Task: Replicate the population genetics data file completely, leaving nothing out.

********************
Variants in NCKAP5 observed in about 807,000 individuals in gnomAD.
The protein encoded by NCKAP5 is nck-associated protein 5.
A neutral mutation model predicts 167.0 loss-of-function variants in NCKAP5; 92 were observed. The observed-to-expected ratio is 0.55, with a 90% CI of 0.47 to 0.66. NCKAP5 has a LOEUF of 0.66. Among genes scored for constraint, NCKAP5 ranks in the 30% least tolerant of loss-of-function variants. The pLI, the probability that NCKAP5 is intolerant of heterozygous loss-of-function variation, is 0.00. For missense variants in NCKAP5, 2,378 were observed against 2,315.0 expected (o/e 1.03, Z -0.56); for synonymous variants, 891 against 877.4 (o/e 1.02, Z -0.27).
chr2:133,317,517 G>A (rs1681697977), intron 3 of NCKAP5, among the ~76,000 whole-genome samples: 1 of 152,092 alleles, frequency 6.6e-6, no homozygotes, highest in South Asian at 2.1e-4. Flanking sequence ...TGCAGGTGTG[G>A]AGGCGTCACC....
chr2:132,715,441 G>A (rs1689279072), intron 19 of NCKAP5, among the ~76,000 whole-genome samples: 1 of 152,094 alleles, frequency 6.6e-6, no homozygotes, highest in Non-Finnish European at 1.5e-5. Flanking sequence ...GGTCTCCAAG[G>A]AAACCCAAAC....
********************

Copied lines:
Variants in NCKAP5 observed in about 807,000 individuals in gnomAD.
The protein encoded by NCKAP5 is nck-associated protein 5.
A neutral mutation model predicts 167.0 loss-of-function variants in NCKAP5; 92 were observed. The observed-to-expected ratio is 0.55, with a 90% CI of 0.47 to 0.66. NCKAP5 has a LOEUF of 0.66. Among genes scored for constraint, NCKAP5 ranks in the 30% least tolerant of loss-of-function variants. The pLI, the probability that NCKAP5 is intolerant of heterozygous loss-of-function variation, is 0.00. For missense variants in NCKAP5, 2,378 were observed against 2,315.0 expected (o/e 1.03, Z -0.56); for synonymous variants, 891 against 877.4 (o/e 1.02, Z -0.27).
chr2:133,317,517 G>A (rs1681697977), intron 3 of NCKAP5, among the ~76,000 whole-genome samples: 1 of 152,092 alleles, frequency 6.6e-6, no homozygotes, highest in South Asian at 2.1e-4. Flanking sequence ...TGCAGGTGTG[G>A]AGGCGTCACC....
chr2:132,715,441 G>A (rs1689279072), intron 19 of NCKAP5, among the ~76,000 whole-genome samples: 1 of 152,094 alleles, frequency 6.6e-6, no homozygotes, highest in Non-Finnish European at 1.5e-5. Flanking sequence ...GGTCTCCAAG[G>A]AAACCCAAAC....